Answer those two points and I'm a happy guy.
It occurs to me once again that Mr. Biden is a remarkably skillful politician.
Great well written post. But, I already miss Marc the intern's charts. I would love to see how much of an outlier the USA is on poverty, especially compared to recently industrialized countries such in Asia and Latin America or Big African countries like Nigeria.
The letter the IRS sent out is the lamest thing ever. It's dry and doesn't even say if I'm eligible --- just that I'll get money if I am. Way to sell the product.
I thought Trump's letters were tacky and dumb, but it was a smart move. His giant signature grabbed your attention. If Trump hadn't done it already, I wouldn't want Biden to do the same, but that cat is out of the bag. Also, Biden's signature straight up looks nicer than Trump's sharpie monstrosity.
Helping poor kids >>>>> helping poor adults and retirees
"To recall, the expanded Child Tax Credit puts extra cash in the hands of virtually all American parents, leaving out only the richest."
This seems to be the newly favored way of doing "means testing"--give the money to basically everyone, except the explicitly wealthy. Doesn't this just make programs administratively burdensome while saving virtually no money? Is there any practical reason to exclude the rich?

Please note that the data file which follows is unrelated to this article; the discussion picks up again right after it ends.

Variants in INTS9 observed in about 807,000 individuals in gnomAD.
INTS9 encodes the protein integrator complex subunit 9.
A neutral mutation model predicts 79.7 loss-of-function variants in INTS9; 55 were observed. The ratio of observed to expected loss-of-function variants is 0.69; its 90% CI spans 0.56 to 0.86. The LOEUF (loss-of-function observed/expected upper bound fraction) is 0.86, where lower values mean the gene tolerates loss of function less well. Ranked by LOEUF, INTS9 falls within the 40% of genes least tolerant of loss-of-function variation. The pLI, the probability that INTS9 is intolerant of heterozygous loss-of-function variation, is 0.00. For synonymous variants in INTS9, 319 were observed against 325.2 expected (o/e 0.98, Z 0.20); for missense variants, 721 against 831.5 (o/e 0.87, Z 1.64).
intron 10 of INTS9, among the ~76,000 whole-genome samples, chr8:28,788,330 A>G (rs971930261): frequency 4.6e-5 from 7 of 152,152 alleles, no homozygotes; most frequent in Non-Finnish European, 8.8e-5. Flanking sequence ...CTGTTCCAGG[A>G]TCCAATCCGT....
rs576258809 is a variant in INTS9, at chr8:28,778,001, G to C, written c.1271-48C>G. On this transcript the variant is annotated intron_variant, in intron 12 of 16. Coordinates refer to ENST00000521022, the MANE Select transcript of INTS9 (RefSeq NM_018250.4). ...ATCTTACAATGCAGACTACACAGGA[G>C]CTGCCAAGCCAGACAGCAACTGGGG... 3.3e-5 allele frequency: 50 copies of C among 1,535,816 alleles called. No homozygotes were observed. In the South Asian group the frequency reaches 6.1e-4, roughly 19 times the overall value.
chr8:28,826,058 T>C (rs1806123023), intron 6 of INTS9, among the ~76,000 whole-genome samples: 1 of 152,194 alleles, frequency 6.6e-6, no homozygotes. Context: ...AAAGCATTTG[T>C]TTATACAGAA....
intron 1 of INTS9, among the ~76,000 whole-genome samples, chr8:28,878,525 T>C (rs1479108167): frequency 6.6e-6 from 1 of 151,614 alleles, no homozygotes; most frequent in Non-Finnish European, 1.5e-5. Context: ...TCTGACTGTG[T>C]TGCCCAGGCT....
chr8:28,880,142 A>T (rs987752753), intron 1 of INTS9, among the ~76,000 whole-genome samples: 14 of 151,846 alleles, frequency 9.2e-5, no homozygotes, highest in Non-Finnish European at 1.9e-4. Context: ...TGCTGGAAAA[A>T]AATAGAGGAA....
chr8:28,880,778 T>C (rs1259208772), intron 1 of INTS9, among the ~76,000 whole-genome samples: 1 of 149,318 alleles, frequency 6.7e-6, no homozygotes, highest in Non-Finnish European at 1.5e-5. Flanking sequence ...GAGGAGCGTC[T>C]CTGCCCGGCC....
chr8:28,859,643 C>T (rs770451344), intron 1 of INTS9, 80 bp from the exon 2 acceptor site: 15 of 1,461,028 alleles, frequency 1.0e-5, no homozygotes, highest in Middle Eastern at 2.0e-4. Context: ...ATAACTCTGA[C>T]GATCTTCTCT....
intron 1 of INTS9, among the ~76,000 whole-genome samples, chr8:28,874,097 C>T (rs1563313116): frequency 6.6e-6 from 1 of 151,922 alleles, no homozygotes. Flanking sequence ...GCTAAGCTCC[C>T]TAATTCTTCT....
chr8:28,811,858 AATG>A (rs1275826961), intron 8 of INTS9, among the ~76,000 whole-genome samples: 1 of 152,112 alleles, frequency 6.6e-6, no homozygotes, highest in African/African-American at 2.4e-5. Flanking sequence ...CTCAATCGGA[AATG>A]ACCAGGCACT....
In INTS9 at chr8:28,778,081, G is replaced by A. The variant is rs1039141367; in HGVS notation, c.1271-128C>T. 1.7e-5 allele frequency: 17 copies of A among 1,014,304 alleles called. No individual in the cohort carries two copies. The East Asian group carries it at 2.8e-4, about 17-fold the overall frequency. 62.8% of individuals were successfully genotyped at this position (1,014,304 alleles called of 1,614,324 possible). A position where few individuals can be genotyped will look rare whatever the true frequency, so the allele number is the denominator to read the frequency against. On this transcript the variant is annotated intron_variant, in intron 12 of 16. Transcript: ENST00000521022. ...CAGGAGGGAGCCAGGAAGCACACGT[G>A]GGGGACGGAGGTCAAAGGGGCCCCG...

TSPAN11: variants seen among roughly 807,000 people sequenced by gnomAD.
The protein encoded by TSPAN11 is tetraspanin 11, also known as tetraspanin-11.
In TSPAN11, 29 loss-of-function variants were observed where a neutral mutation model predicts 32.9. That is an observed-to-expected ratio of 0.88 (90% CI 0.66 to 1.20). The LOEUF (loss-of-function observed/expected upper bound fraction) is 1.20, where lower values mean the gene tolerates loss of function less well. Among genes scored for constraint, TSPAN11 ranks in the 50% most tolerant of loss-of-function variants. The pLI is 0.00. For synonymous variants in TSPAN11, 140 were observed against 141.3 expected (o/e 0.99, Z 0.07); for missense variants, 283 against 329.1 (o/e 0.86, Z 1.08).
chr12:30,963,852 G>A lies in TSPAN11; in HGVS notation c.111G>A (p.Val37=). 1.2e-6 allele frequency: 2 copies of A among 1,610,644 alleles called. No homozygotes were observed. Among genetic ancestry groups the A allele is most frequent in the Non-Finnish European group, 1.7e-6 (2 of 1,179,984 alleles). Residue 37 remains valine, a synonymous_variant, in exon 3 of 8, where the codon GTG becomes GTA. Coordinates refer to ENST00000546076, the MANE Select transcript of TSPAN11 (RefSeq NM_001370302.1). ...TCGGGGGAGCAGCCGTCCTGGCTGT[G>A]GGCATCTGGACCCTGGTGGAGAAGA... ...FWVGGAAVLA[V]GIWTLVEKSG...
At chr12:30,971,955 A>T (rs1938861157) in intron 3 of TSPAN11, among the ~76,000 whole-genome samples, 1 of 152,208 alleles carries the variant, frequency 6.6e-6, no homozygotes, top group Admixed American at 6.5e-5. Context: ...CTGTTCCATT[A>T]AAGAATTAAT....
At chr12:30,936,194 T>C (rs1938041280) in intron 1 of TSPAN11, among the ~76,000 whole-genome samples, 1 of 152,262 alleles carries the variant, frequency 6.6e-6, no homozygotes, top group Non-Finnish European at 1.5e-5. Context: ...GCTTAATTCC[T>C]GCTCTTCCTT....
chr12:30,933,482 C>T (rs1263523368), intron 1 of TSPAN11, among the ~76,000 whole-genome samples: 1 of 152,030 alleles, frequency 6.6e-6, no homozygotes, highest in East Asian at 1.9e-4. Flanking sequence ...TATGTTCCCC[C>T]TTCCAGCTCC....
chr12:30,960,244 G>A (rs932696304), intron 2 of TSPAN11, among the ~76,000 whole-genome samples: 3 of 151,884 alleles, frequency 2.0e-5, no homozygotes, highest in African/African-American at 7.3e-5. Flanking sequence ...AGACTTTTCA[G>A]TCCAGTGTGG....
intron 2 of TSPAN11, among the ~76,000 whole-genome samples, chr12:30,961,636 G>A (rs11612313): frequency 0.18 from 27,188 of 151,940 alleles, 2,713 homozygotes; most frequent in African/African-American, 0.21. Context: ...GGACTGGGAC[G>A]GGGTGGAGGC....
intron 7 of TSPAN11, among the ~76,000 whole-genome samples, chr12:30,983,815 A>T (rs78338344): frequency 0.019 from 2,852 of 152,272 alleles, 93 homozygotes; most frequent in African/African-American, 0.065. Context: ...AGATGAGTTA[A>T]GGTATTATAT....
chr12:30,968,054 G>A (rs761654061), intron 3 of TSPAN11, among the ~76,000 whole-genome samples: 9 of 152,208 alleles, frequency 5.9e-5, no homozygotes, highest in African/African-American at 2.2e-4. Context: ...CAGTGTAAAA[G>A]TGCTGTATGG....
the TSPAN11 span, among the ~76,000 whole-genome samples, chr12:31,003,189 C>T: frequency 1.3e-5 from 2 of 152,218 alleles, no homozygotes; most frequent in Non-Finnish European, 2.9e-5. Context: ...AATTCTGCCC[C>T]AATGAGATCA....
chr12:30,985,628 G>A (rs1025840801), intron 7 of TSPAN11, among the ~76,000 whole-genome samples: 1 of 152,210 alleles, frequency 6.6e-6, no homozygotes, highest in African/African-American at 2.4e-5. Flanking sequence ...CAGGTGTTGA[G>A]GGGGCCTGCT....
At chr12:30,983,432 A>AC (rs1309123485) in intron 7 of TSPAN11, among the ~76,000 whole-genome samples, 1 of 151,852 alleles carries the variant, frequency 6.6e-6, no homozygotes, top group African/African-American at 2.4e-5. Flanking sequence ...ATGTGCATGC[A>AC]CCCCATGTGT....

Giving families money so that children are not stunted by poverty is a fine, empirically supported idea.
The broader natalist argument is hideous. It took 200,000 years for the one billion humans to exist simultaneously. A century and a half later, there are 7.4 billion. Global population is still increasing and won’t peak for decades. As an individual, I like uncrowded parks. As a consumer, I like abundant natural resources. As a pragmatic human, I know the best way to destroy the planet more slowly is for there to be fewer humans.
The U.S. population is still increasing. Highways are gridlocked. Cities are crowded. I pine for vast, open spaces, thinly peopled with tolerant men and women who have time to share wine, conversation and recreation unharried by large families. There are plenty of would be immigrants to change our diapers in old age.
He did it! “slow boring of hard boards.” I’ve been waiting to see that show up.